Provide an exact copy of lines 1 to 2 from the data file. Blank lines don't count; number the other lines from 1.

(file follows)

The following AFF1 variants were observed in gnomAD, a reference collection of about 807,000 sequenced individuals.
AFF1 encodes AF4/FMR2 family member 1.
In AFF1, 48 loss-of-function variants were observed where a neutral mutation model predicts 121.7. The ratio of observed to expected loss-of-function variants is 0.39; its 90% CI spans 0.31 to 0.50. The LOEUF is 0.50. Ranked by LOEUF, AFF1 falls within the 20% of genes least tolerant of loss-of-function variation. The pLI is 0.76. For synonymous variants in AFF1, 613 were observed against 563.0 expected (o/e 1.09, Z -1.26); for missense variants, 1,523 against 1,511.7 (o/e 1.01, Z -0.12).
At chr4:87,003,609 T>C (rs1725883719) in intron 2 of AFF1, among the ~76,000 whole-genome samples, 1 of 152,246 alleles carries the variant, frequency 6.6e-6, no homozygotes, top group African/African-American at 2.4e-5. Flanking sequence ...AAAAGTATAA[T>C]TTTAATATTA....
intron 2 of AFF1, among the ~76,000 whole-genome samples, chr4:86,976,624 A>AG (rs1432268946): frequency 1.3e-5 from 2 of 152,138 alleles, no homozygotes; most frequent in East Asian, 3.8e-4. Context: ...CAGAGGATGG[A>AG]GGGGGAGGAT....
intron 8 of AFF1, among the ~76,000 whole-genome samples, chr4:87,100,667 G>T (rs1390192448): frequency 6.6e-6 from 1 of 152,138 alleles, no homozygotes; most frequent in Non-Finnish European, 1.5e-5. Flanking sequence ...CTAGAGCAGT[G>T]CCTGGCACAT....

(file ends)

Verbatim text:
The following AFF1 variants were observed in gnomAD, a reference collection of about 807,000 sequenced individuals.
AFF1 encodes AF4/FMR2 family member 1.